Eurocopter Lands First Customer for “low-cost” Super Puma

Aviation International News » January 2013
AgustaWestland is constructing the third, shown, and fourth test aircraft at its Cascina Costa facility. The aircraft are scheduled to join the test fleet this year and next.
AgustaWestland is constructing the third, shown, and fourth test aircraft at its Cascina Costa facility. The aircraft are scheduled to join the test fleet this year and next.
January 1, 2013, 2:45 AM

Eurocopter has signed the first customer for the AS332C1e Super Puma, the “low cost” version of the medium twin. Starlite Aviation, an operator based in Ireland and South Africa, will be the first to fly the new, shorter-fuselage variant. Starlite provides passenger and cargo flights and heavy sling-load operations for, among others, United Nations agencies.

The contract is a firm order for two aircraft, scheduled for delivery by year-end, and options on two more. Eurocopter already has three C1es in final assembly at its factory in Marignane, France, and expects the production rate eventually to reach eight per year.

EASA certification is slated for July, followed by FAA approval a couple of months later, business development director Fabrice Arfi told AIN. There is no plan for a military version.

The relatively swift development of the C1e stems from the certification last summer of a longer-fuselage version that introduced the technology used for the C1e, which uses the same airframe as the AS332C1, no longer in production.

The C1e cockpit features four 6- by 8-inch displays. The four-axis autopilot comes from the EC225. Powered by two Turbomeca Makila 1A1s (1,877 shp each), the C1e can lift up to 9,900 pounds on the hook at an mtow is 20,600 pounds.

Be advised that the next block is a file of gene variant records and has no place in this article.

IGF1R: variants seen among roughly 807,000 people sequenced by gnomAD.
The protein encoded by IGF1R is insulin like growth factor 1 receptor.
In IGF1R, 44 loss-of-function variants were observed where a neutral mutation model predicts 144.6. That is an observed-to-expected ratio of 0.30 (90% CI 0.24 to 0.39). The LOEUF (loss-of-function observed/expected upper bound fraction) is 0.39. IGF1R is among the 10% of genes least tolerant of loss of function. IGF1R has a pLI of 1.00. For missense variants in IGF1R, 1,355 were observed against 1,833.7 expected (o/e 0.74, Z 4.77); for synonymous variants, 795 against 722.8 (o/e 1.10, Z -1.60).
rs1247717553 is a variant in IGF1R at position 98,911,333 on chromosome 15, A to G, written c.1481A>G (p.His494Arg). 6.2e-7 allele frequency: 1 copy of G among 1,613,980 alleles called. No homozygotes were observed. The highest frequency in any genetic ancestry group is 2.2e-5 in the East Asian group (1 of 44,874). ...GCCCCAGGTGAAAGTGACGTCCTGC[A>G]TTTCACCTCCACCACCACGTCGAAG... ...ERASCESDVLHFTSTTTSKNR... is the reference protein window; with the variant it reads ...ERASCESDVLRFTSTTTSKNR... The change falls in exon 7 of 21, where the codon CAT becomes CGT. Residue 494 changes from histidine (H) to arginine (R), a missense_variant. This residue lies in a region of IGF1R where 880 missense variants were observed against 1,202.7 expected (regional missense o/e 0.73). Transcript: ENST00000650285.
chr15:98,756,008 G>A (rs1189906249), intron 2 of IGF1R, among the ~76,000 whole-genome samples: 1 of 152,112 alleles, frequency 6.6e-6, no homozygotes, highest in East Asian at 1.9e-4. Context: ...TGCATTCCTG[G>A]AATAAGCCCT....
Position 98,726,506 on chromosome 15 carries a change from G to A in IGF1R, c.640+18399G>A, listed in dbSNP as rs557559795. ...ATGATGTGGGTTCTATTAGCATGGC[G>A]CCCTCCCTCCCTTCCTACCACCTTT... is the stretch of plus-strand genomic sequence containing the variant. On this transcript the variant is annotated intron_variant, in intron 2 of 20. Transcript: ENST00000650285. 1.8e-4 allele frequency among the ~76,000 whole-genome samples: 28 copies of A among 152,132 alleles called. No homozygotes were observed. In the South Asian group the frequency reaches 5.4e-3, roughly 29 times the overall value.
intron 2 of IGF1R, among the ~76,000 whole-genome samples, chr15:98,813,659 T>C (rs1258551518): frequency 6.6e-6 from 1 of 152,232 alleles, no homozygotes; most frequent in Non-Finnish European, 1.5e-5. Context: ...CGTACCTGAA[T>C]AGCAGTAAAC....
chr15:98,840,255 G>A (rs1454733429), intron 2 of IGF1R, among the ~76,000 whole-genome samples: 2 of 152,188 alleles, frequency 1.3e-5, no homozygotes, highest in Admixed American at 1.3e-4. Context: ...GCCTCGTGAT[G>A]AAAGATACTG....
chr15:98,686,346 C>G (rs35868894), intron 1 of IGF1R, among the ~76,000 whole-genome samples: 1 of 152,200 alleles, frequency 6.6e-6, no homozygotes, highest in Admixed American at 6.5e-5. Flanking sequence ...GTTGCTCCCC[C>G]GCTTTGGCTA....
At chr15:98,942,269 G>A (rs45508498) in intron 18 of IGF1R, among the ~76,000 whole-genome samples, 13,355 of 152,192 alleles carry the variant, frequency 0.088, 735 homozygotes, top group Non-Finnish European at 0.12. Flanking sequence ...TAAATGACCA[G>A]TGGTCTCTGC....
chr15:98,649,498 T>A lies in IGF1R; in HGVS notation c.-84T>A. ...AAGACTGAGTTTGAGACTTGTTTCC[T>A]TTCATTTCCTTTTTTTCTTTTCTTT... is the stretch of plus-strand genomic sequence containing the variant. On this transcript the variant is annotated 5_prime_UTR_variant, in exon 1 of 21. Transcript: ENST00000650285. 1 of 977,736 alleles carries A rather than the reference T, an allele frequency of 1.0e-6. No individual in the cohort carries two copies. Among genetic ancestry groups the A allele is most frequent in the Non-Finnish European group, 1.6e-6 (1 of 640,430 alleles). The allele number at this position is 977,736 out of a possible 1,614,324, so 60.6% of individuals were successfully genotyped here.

One way Eurocopter has kept the price down for both manufacturing and maintaining the C1e was to adopt maximum standardization of systems rather than offer its usual “tailored” approach, Arfi noted.

Despite the standardized approach, options are offered, such as a hoist, sling, search-and-rescue autopilot mode and a “combi kit” STC for a variable number of seats (up to 17), depending on the cargo load. Eurocopter subsidiary Vector Aerospace developed the STC using seat rails and a mobile partition wall.

The C1e is intended to compete with Russian helicopters such as the Mi-8/17 series, and although equipped with the latest generation of engines and avionics it is cost-competitive with, for example, the Mi-171A2, Arfi claimed. Eurocopter also sees a market for the C1e among operators replacing old Bell 412s. “We are aiming at the utility market in the medium/heavy category, including search-and-rescue, logistics, passenger carrying and peace enforcement,” Arfi said.

The price of the C1e is undisclosed as yet but higher than that of its ex-Soviet rivals. “If the customer looks at operating costs, however, he sees the total cost of ownership is lower with the C1e,” Arfi claimed, adding that the C1e’s operating costs are “known and predictable.” He claimed the Eurocopter burns 30 percent less fuel than the Mi-171A2 series while offering a higher cruise speed.

According to a Starlite Aviation spokeswoman, the “gross value” of the order is “more than €50 million” ($65 million).

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